Mixing Your Own Clay vs. Buying Commercial Pre Mixed Clay

Picture: Clean machine ready to mix 1500 lbs. of clay.

While not a technical fault this issue should be addressed. Should I mix my own clay or buy commercial clay? There are inherent potential defects that can arise whether you mix your own clay or buy commercially produce moist clay. Another post will address the positive and negative issues of each method of clay supply.

If you are not selling pottery and are the true amateur, doing it for love, then your time and labor are not an issue. You are free to spend both as you desire. There are many esthetic and personal reasons you might like to mix your own clay one of which is the ability to mix and test small batches of clay and oversee the quality control over the mix. Or you might like being involved in the entire pottery making process. All of these points are valid.

However, if you are selling pottery time and labor are critical parts of the business. You can overlook them but they will still exist and influence your profits. Potters do well if they have some business training if not they either acquire this knowledge or suffer economic losses. Pottery making is labor-intensive with low barriers to entry. Simply stated the cost of equipment, supplies, tools, and raw materials are fairly inexpensive. It is easy to think once I have the equipment and selling pottery things will keep progressing upward. Yes and no in that at a certain point working harder does not produce increased economic gains.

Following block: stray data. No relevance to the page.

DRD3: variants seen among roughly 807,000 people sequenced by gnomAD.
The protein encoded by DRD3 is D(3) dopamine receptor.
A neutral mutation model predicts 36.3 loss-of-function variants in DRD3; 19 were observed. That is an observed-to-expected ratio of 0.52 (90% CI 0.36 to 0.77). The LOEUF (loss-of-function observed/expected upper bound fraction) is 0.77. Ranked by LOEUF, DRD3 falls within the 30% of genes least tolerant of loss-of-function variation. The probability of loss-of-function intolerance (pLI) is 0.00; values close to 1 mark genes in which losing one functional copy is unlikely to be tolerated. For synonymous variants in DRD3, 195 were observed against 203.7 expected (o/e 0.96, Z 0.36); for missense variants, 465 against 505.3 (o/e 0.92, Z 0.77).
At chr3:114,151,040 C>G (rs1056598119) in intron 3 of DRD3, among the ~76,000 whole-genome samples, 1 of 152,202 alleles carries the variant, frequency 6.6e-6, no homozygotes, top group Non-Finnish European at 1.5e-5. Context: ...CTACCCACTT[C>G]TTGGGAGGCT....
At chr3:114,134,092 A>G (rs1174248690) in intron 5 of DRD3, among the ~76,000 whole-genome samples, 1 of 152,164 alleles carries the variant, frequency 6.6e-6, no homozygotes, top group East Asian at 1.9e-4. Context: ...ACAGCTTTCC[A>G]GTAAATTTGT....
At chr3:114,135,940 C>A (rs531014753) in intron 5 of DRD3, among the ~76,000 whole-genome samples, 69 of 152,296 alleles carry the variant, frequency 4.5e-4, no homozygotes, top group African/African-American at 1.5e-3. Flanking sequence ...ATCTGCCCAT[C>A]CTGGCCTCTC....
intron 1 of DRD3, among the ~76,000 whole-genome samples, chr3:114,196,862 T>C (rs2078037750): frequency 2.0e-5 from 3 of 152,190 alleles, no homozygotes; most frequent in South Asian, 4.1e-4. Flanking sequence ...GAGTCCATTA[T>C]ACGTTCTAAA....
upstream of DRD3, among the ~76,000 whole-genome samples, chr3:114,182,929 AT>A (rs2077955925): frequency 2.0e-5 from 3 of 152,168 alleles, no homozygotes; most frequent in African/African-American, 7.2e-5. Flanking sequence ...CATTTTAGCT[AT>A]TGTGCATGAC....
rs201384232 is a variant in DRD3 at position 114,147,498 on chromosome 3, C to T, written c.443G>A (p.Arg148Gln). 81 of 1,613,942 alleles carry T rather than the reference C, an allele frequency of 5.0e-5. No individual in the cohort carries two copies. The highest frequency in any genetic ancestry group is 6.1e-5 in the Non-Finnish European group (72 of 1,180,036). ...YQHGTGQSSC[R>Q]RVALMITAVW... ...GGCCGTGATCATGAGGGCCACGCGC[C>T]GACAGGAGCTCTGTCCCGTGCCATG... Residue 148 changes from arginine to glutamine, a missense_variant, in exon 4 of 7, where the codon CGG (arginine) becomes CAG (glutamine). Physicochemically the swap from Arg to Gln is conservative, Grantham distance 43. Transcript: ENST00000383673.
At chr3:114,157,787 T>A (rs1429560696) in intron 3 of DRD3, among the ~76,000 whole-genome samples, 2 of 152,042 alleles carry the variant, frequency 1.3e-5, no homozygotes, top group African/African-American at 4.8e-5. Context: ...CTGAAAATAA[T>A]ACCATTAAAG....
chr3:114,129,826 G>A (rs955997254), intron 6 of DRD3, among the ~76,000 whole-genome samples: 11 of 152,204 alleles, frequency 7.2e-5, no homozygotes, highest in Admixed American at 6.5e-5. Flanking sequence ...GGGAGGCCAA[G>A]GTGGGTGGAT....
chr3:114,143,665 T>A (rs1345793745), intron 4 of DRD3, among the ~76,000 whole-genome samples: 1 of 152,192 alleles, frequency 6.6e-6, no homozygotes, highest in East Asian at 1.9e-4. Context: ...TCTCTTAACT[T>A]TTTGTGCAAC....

You must work smarter which starts by examining the largest cost of production, your labor. Many small labor-saving steps can result in large increases in net profit. One area of labor-saving is the time and labor spent mixing your own clay body formula vs. buying a pre-mixed clay from a ceramics supplier. A question you must ask yourself is, how much time is spent buying raw clay, storing and mixing the clay compared to how many pots could be made in that same time. The time and labor equation also applies to reprocessing clay. Your labor is the largest cost of production. Essentially you are paying .38 cents a pound for most clay and your labor is certainly worth more than these pennies. There is an old saying that professional potters use, “the more you touch the clay, the more expensive it is to make.” Every time you put a handle on a cup, stack a kiln, package pots for sale, etc. it adds to the cost of production.

For those deciding to use their valuable time making pots and not clay find a ceramics supplier who has the best quality control procedures when mixing clays. Again, the cost of the clay and shipping are insignificant if you are able to use clay that is mixed accurately. Saving a few cents per pound in clay or shipping is not worth making an entire kiln load of defective pots from clay that has not been mixed correctly. The cheap can be very expensive.